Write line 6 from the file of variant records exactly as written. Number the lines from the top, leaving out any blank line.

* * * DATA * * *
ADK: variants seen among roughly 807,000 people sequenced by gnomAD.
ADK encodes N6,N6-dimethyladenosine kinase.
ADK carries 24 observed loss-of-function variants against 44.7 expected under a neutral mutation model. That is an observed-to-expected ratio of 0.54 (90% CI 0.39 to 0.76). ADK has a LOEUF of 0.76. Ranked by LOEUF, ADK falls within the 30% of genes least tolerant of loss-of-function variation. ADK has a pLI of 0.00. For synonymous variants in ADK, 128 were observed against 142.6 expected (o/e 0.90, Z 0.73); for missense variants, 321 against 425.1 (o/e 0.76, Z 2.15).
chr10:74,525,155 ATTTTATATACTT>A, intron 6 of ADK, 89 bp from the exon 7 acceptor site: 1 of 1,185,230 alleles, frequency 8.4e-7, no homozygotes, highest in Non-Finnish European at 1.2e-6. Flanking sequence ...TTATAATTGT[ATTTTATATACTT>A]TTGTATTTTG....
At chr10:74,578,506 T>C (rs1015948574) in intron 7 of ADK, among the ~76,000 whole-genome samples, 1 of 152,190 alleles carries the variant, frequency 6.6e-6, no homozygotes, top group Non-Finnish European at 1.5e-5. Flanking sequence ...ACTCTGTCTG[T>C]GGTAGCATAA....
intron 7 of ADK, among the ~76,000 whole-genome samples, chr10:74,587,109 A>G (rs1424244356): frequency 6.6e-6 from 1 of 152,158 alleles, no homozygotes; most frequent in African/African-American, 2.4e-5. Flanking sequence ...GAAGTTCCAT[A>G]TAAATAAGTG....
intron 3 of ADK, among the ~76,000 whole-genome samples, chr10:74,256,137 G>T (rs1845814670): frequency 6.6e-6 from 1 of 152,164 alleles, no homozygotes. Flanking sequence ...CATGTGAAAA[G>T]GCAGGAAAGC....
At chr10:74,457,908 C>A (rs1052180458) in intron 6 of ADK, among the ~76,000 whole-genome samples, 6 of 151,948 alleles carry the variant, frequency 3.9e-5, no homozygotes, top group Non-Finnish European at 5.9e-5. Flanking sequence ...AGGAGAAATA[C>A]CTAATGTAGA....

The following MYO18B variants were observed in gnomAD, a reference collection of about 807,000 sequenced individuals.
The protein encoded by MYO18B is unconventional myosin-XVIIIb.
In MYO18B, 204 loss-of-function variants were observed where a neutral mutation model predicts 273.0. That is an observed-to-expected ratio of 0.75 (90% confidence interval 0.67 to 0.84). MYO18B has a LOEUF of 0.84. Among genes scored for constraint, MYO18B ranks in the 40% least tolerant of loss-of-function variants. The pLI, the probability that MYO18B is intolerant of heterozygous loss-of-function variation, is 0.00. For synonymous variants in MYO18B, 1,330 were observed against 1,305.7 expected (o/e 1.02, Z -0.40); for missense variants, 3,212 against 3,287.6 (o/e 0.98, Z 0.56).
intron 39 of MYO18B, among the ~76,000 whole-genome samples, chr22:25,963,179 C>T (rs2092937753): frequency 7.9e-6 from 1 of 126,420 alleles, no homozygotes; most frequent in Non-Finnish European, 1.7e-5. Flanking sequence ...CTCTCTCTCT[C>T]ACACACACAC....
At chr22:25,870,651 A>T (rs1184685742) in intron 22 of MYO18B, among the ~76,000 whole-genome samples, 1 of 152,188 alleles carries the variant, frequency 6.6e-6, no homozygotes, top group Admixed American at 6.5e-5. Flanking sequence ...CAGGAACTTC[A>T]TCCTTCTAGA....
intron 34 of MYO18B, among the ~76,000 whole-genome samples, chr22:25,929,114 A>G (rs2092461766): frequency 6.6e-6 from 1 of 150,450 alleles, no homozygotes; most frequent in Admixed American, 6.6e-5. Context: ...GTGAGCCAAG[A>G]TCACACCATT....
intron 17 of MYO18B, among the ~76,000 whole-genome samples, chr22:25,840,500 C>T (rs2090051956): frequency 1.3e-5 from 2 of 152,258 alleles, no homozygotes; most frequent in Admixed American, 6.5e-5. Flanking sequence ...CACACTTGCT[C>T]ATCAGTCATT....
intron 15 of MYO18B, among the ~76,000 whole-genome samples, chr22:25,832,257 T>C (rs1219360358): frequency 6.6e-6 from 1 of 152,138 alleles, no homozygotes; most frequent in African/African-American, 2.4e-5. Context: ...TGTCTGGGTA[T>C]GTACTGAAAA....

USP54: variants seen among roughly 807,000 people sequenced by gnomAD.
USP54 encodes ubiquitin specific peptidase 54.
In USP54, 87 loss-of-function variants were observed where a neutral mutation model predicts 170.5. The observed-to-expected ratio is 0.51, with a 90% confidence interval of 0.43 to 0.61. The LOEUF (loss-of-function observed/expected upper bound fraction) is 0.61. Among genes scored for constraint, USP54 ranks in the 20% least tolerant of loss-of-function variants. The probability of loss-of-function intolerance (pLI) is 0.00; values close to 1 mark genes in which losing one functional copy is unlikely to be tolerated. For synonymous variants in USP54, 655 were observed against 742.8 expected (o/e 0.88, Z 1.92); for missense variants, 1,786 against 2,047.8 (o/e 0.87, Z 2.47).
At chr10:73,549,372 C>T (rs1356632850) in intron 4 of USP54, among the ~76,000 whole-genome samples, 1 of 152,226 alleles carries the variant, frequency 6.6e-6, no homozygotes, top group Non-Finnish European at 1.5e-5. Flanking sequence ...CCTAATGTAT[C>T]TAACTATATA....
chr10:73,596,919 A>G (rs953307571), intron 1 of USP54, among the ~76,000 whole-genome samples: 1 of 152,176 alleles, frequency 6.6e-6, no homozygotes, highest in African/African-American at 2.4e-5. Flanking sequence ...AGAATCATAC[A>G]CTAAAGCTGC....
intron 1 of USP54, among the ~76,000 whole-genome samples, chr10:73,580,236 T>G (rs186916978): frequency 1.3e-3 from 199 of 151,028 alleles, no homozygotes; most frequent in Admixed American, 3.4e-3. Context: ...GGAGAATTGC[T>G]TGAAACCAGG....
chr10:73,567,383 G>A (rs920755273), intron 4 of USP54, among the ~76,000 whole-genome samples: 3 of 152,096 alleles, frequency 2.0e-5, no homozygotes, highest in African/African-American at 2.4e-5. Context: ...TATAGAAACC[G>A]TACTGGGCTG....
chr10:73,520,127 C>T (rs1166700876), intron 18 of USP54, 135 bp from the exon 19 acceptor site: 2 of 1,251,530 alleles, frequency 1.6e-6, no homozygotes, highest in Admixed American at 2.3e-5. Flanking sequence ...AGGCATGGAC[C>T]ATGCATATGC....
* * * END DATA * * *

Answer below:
intron 7 of ADK, among the ~76,000 whole-genome samples, chr10:74,587,109 A>G (rs1424244356): frequency 6.6e-6 from 1 of 152,158 alleles, no homozygotes; most frequent in African/African-American, 2.4e-5. Flanking sequence ...GAAGTTCCAT[A>G]TAAATAAGTG....